The Millikan Oil-Drop Experiment The charge of an electron was first measured by the American physicist Robert Millikan during 1909-1913.
(a) Show that an oil drop of radius r at rest between the plates will remain at rest if the magnitude of its charge is q = 4π/3 pr3gd/ V AB
Where p is the density of the oil (ignore the buoyant force of the air.) By adjusting V AB to keep a given drop at rest, the charge on that drop can be determined, provided its radius is known.
(b) Millikans oil drops were much too small to measure their radii directly.
Instead, Millikan determined r by cutting off the electric field and measuring the terminal speed v, of the drop as it fell. (We discussed the concept of terminal speed in Section 5.3.) The viscous force F on a sphere of radius r moving with speed u through a fluid with viscosity η is given by Stokes's law: F = 6πηru. When the drop is falling at uv the viscous force just balances the weight w = mg of the drop. Show that the magnitude of the charge on the drop is
Within the limits of their experimental error, every one of the thousands of drops that Millikan and his coworkers measured had a charge equal to some small integer multiple of a basic charge e. That is, they found drops with charges of ±2e, ±5e, and so on, but none with values such as 0.76e or 2.4ge. A drop with charge e bas acquired one extra electron; if its charge is - 2e, it bas acquired two extra electrons, and so on.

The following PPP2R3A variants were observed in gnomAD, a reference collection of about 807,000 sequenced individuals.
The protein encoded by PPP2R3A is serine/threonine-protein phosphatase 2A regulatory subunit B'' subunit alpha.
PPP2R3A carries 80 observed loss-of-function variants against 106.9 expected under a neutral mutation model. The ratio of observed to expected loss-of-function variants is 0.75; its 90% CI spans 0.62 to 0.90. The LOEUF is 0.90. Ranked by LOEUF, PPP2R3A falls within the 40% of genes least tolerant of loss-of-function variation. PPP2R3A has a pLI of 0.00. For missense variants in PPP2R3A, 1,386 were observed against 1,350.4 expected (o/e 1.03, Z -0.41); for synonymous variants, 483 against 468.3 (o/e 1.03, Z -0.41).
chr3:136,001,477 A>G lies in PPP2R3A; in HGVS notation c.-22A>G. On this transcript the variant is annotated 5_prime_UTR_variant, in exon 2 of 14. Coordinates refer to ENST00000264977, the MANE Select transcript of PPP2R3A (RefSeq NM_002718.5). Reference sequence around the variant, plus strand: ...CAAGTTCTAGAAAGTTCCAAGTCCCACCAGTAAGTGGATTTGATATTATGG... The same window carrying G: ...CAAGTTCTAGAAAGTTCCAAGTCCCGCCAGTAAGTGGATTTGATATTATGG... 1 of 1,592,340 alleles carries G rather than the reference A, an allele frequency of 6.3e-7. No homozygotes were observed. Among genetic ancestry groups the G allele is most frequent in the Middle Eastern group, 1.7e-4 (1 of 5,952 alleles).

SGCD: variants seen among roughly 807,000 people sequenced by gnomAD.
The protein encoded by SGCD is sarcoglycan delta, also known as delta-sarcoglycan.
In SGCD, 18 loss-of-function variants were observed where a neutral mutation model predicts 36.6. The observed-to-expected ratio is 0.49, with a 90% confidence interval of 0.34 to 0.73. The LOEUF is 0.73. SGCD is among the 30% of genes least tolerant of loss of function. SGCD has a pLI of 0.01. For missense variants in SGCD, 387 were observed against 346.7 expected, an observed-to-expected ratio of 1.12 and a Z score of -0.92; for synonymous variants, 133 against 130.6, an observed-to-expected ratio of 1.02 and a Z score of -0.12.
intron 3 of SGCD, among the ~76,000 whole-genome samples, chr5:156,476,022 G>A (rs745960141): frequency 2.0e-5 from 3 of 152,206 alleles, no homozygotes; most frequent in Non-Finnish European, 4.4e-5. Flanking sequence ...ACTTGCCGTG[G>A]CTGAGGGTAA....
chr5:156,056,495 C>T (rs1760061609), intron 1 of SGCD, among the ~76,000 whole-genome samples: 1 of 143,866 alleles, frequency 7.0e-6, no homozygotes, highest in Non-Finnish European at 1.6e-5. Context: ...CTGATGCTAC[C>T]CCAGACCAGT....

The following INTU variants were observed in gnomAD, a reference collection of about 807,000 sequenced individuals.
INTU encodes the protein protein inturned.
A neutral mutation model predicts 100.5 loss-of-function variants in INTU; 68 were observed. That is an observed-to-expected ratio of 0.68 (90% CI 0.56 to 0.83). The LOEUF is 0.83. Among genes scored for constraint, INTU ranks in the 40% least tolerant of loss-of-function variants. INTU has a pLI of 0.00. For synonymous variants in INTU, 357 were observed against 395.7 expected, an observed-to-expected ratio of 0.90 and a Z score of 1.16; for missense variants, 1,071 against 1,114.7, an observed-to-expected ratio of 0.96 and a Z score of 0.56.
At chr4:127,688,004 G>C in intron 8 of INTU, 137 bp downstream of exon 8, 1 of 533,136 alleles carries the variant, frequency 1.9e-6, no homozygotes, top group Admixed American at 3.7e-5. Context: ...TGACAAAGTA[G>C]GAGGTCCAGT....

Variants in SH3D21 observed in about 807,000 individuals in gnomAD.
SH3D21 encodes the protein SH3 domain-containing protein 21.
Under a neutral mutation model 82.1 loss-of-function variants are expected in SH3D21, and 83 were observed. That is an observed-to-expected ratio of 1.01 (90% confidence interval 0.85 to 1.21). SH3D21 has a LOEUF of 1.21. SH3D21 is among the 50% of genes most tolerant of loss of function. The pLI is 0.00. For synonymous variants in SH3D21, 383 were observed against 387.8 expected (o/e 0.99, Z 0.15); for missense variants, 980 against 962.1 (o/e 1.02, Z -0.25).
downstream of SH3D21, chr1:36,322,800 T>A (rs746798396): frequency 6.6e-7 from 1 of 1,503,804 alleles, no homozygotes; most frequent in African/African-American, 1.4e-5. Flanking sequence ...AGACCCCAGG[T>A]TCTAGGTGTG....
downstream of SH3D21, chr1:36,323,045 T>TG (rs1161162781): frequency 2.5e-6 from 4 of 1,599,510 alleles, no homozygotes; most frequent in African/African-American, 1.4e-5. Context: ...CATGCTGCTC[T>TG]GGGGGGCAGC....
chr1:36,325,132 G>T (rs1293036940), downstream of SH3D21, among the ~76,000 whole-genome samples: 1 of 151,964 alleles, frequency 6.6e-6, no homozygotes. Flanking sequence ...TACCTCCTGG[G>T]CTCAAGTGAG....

(c) A charged oil drop in a Millikan oil-drop apparatus is observed to fall 1.00 mm at constant speed in 39.3 s if VAB = 0. The same drop can be held at rest between two plates separated by 1.00 mm if VAB = 9.16 V. How many excess electrons bas the drop acquired, and what is the radius of the drop? The viscosity of air is 1.81 X 10-5 N¢ s/m2 and the density of the oil is 824 kg/m3
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Question Posted: March 26, 2010 05:45:10